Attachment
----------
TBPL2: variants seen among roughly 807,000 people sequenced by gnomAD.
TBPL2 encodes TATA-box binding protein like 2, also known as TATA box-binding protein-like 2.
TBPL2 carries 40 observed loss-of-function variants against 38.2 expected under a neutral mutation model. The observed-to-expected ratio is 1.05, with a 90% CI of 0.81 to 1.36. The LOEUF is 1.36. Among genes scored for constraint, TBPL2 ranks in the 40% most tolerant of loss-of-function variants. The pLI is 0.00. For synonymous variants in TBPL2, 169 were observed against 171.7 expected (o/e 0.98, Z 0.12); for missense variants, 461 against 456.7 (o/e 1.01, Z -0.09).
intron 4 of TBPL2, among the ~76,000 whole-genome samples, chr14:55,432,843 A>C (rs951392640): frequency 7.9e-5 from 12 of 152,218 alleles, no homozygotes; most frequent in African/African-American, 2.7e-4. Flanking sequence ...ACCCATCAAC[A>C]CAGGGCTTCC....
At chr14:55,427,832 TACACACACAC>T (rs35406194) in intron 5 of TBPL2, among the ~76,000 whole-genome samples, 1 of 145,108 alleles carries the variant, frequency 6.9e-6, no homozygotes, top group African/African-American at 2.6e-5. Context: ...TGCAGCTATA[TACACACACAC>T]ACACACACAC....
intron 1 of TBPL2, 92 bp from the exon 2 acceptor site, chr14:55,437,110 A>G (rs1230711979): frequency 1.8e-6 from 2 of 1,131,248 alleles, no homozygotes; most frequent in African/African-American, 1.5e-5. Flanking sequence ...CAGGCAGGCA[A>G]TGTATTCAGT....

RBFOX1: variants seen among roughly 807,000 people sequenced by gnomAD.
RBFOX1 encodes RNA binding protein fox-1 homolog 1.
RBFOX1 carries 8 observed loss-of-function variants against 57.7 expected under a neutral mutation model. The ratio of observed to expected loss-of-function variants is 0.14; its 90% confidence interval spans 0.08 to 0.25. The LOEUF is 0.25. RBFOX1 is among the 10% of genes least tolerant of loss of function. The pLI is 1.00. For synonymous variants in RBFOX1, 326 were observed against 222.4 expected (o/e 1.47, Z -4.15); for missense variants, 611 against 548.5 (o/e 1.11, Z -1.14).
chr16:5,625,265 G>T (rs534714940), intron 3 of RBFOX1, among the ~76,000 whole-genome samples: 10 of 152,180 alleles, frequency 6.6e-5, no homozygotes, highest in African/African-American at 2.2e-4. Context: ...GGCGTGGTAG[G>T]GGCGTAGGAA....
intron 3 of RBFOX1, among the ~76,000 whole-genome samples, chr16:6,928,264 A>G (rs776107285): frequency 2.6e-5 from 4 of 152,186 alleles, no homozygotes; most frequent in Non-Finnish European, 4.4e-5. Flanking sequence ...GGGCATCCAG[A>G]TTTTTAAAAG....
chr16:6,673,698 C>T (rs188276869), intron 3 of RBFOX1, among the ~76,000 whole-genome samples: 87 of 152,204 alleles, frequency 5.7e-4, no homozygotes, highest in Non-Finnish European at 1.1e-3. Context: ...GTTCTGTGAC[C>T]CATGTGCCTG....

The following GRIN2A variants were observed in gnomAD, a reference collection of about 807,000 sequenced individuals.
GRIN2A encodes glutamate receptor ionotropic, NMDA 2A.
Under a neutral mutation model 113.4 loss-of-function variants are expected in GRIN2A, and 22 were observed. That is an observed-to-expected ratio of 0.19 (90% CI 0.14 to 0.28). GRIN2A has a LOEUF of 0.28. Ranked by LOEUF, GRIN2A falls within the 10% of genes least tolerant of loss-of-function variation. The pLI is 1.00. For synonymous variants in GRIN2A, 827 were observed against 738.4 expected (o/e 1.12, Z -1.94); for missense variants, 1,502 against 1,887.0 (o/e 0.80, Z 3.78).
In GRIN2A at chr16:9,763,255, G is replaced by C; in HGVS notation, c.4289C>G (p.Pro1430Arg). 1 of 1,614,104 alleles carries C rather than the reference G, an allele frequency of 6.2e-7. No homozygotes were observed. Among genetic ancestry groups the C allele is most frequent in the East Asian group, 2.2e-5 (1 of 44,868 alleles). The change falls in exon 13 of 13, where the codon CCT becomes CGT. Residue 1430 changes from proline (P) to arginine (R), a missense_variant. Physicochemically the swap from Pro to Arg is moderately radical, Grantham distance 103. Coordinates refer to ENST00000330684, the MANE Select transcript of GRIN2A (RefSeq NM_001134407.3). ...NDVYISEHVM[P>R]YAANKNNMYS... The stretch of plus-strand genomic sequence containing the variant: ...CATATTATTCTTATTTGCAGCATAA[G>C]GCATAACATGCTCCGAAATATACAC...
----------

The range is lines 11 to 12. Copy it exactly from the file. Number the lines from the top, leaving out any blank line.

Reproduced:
intron 3 of RBFOX1, among the ~76,000 whole-genome samples, chr16:6,928,264 A>G (rs776107285): frequency 2.6e-5 from 4 of 152,186 alleles, no homozygotes; most frequent in Non-Finnish European, 4.4e-5. Flanking sequence ...GGGCATCCAG[A>G]TTTTTAAAAG....
chr16:6,673,698 C>T (rs188276869), intron 3 of RBFOX1, among the ~76,000 whole-genome samples: 87 of 152,204 alleles, frequency 5.7e-4, no homozygotes, highest in Non-Finnish European at 1.1e-3. Context: ...GTTCTGTGAC[C>T]CATGTGCCTG....